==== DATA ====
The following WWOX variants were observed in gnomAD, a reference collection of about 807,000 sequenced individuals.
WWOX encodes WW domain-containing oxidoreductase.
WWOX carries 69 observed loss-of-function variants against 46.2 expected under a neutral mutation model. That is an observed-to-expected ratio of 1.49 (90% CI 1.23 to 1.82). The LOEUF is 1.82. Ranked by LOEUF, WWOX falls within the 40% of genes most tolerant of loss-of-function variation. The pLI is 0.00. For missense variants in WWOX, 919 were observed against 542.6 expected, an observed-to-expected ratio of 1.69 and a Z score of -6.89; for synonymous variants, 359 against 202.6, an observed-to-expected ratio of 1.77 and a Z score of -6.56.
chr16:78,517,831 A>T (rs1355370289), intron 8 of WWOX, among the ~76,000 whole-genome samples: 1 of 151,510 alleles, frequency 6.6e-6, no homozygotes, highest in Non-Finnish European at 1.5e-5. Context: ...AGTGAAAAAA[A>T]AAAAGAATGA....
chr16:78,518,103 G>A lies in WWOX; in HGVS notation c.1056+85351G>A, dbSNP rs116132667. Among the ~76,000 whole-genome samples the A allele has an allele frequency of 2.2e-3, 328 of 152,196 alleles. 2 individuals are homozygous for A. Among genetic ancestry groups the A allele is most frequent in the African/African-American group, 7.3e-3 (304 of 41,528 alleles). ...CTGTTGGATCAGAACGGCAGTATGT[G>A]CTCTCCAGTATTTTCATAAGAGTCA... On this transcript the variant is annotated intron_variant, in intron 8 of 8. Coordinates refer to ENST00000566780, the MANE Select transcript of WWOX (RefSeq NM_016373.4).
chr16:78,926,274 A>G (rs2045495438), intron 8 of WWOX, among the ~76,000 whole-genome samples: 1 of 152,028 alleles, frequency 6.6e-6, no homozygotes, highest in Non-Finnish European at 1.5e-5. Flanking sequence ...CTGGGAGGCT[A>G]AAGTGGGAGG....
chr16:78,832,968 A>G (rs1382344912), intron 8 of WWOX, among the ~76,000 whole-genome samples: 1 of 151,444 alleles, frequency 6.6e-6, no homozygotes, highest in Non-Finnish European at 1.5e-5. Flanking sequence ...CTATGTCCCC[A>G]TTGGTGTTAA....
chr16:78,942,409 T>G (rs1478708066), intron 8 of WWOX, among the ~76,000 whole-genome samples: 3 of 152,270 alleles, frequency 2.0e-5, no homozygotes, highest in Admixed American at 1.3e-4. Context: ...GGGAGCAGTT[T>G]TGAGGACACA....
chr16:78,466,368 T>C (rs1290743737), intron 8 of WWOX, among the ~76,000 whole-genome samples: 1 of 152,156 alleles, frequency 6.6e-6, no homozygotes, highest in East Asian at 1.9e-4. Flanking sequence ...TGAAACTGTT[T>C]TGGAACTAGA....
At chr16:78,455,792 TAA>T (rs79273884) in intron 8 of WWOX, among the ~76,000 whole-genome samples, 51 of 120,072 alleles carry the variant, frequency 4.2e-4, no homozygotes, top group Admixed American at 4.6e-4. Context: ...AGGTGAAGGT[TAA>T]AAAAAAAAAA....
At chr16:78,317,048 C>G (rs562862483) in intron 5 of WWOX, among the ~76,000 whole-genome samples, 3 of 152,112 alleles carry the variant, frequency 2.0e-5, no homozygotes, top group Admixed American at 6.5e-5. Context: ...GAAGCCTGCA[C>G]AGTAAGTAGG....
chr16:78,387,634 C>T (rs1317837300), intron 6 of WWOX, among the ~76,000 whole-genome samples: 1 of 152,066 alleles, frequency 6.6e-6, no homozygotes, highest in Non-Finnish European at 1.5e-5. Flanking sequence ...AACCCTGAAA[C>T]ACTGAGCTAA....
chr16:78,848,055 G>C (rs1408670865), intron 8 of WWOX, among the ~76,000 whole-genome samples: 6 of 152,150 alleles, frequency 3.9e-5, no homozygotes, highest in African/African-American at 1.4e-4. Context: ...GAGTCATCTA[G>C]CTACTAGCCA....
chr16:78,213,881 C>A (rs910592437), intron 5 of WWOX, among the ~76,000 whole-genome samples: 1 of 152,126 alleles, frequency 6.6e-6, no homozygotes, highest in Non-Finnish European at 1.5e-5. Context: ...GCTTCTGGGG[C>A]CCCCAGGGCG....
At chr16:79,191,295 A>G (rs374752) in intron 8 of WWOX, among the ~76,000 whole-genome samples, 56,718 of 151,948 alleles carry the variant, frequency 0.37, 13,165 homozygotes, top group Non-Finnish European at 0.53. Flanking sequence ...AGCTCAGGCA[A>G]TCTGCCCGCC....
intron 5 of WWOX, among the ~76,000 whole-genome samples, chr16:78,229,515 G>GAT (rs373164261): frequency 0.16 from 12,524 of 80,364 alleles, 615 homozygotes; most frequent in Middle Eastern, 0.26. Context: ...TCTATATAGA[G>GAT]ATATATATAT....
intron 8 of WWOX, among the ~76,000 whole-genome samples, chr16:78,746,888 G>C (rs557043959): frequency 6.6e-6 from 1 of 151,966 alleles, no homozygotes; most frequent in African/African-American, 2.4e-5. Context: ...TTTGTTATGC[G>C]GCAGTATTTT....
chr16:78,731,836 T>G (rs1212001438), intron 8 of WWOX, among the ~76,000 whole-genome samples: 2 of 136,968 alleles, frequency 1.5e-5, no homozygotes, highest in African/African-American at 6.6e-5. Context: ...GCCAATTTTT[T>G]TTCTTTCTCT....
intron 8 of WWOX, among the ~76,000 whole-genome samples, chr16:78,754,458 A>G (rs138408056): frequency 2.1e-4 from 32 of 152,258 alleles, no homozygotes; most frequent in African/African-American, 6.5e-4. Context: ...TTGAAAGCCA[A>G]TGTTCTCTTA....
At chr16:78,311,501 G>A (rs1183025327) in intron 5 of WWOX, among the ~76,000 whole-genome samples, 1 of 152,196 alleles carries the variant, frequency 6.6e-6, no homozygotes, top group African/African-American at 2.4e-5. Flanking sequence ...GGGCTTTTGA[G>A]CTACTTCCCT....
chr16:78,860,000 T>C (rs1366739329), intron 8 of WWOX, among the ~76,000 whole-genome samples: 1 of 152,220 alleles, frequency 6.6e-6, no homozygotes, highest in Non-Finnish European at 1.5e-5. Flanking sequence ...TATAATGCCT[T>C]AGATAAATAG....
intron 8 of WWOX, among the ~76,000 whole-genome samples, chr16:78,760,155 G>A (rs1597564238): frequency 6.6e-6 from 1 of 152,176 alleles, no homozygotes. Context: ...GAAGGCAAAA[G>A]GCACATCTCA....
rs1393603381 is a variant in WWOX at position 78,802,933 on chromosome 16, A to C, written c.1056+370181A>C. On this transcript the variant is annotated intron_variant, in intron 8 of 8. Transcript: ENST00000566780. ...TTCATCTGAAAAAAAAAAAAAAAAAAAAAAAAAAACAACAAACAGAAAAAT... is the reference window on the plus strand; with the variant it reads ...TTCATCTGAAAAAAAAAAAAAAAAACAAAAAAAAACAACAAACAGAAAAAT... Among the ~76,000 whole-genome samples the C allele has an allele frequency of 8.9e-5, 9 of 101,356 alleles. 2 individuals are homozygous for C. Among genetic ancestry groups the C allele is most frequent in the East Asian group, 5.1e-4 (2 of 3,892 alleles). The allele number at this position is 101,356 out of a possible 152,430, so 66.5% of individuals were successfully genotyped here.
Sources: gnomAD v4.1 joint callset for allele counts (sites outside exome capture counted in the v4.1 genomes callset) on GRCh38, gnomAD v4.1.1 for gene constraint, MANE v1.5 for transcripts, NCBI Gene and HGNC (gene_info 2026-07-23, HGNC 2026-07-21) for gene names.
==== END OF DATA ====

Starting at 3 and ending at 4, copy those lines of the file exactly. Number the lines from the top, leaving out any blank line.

WWOX carries 69 observed loss-of-function variants against 46.2 expected under a neutral mutation model. That is an observed-to-expected ratio of 1.49 (90% CI 1.23 to 1.82). The LOEUF is 1.82. Ranked by LOEUF, WWOX falls within the 40% of genes most tolerant of loss-of-function variation. The pLI is 0.00. For missense variants in WWOX, 919 were observed against 542.6 expected, an observed-to-expected ratio of 1.69 and a Z score of -6.89; for synonymous variants, 359 against 202.6, an observed-to-expected ratio of 1.77 and a Z score of -6.56.
chr16:78,517,831 A>T (rs1355370289), intron 8 of WWOX, among the ~76,000 whole-genome samples: 1 of 151,510 alleles, frequency 6.6e-6, no homozygotes, highest in Non-Finnish European at 1.5e-5. Context: ...AGTGAAAAAA[A>T]AAAAGAATGA....